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Land Rover Bikes, Carving Trails With All the Grace of a Classic Defender
So far on Land Rover month, we've showcased the very first Land Rovers, the most important civilian Land Rover in the Range Rover, and a military Land Rover that was pretty shabby at taking an IED to the face.

Land Rover Bikes, Carving Trails With All the Grace of a Classic Defender

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Now, feast your eyes on the Land Rover line of Mountain Bicycles. That's right, prepare to take your love of all things Land Rover along a trail far too narrow for even the smallest 90 series Defender to fit through without wedging itself between two trees. Of course, designing and mass-producing a bicycle is an incredibly far complicated process, even for the makers of the world's most refined 4x4s.

Many people may not know that Land Rover actually has a long and storied side-history designing performance-oriented bicycles. It's a practice that, at the very least, dates back to 1995. A time when Land Rover was undergoing one of the most polarizing transformations in the history of 4x4s.

The Range Rover halo vehicle of the lineup had only stepped foot on American soil in the last ten years by the mid-90s. Even by Classic Range Rover Standards, it was a far cry from what it used to be. Gone were the plastic dash and rubber floor mats. In their place were plush leather seats, hand-cut wood, and tons upon tons of electronic gizmos.

What does this have to do with Land Rover Bikes? Well, it's easier to understand when viewed from a holistic perspective. Land Rover, and the Range Rover especially, were targeting clientele altogether different from what it once was. The cosmopolitan North American or European upper-middle-class family with two working parents and a daily school run to keep up with.

What do these people like to do most of all when they have spare time away from their big-city tech, legal, and finance jobs? You guessed, they go out riding on their bikes, high up in the countryside where they can forget about their jobs.

Away from the cutthroat daily grind back in whichever metropolis they call home. Land Rover's plan was to be the go-to place for your child hauler and your weekend toy even if it made Land Rover fans of older set seeth with resentment and many other less than positive emotions.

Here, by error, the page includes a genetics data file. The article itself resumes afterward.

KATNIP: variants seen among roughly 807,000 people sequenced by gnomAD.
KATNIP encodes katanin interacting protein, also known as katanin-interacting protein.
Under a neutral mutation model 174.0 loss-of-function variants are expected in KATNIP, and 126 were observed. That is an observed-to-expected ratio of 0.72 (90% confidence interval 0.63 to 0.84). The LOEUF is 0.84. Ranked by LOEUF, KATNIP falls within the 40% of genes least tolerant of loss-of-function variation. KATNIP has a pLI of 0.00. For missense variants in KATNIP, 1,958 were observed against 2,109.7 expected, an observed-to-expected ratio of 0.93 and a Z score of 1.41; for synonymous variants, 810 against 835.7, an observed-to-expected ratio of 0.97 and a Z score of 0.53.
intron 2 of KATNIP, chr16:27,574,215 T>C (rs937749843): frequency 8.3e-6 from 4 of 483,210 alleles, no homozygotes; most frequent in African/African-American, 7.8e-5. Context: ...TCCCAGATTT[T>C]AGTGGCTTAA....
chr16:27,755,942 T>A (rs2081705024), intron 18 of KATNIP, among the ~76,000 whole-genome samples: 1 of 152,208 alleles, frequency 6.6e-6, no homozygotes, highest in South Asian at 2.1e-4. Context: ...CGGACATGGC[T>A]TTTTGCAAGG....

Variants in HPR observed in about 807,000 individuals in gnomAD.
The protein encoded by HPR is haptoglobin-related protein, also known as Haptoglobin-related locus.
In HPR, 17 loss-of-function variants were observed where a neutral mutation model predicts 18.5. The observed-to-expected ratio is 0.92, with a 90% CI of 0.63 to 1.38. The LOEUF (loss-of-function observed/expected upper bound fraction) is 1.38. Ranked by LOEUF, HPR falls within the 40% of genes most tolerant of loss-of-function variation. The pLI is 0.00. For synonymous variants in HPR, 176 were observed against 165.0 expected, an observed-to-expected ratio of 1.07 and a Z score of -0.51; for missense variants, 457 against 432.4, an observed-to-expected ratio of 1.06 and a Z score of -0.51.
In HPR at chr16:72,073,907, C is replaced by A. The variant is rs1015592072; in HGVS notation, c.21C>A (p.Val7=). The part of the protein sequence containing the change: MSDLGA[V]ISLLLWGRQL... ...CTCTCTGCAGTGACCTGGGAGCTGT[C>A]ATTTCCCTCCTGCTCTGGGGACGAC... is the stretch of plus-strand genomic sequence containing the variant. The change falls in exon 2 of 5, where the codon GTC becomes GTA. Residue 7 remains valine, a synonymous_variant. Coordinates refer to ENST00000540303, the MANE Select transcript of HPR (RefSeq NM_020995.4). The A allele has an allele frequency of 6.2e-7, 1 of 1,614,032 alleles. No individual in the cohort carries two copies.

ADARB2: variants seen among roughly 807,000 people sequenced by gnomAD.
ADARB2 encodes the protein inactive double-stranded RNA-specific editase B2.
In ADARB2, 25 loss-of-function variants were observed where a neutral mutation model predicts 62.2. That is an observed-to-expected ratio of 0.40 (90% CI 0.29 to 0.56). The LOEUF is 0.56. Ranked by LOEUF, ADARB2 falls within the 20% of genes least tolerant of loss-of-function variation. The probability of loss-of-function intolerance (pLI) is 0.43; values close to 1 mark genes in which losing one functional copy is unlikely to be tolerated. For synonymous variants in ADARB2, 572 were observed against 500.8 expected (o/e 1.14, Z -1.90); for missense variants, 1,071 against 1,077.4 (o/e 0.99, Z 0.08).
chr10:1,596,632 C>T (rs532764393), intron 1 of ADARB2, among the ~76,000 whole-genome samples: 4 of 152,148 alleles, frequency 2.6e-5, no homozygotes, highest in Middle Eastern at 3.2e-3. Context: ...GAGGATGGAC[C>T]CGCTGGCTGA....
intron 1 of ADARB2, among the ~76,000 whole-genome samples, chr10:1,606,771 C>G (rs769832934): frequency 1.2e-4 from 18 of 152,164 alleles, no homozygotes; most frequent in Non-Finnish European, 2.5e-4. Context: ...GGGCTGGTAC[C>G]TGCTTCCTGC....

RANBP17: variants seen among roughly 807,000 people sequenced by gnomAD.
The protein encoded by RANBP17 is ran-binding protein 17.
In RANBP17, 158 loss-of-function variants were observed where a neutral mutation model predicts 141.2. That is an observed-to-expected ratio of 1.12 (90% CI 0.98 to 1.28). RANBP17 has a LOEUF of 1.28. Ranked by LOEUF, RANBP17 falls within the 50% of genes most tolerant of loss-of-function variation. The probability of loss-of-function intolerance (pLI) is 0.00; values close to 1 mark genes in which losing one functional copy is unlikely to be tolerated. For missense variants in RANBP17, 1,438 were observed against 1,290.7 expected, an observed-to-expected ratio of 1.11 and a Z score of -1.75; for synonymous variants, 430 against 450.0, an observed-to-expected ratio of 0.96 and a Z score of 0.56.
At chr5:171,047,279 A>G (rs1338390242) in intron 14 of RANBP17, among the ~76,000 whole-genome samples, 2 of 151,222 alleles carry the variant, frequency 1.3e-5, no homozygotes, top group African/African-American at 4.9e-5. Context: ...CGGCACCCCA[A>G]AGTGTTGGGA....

The very first product of this line of thinking came in the aforementioned year of 1995. This bike was designed by Pashley Cycles, a nearly century-old British bicycle manufacturer based out of Stratford-upon-Avon, England. It was essentially a collapsable variant of the longstanding Pashley Cycles' Moulton APB (All Purpose Bicycle).

The bike featured a leading link front suspension with adjustable damping and stroke. It was a serviceable little street bike. One that fits perfectly in the cargo compartment of a Defender 110, 90, or a Range Rover, with room to spare galore.

But a side street princess like this was a bit too monofunctional for Land Rover's tastes. Because to more Land Rover bikes follower soon after which catered more to the specific needs of Land Rover owners. As different as they may have been from days long passed.

The bikes in question were the XCB V-20, aimed primarily at younger riders, and the larger, adult marketed Land Rover XCB D-26, also available as the M26 with hydraulic rim brakes, front suspension, and a reinforced suspension seat pillar. By mid-2004, Land Rover sponsored a 25 model strong collection of high-performance bicycles for a multitude of different uses.

Familiar names like"Defender," the "Discovery," and the "Freelander" were represented among the lineup. Each bespoke model carried a unique layout, geometry, gearset, and wheel/tire options suited to different terrains of all sorts. The "Discovery" was an all-rounder bicycle that sat comfortably in the middle of the spectrum between a street and mountain bicycle. It was perfect for urban city pizza deliveries as much as it is to woodland bike trail tom-foolery.

"Defender," meanwhile, was most suited to rugged terrain and off-road trail pursuits, unlike the "Freelander," designed purposely for a strictly urban lifestyle. All bikes are made from lightweight aluminum robust enough to get the job done.

After a brief hiatus in the mid to late 2000s, Land Rover put their moniker on a Bicycle once again starting in 2010. This time around, the bikes were built in conjunction with the UK cycle specialist 2×2 Design Team to bring the next generation of Land Rover bicycles to the market.

Land Rover's maintained a steady yet subtle presence in the performance bicycle space ever since. With just as many different types of bikes under their belts as they do models of 4x4s, it's a part of their operating space that more or less advertises itself. Check back for more from Land Rover month right here on autoevolution.


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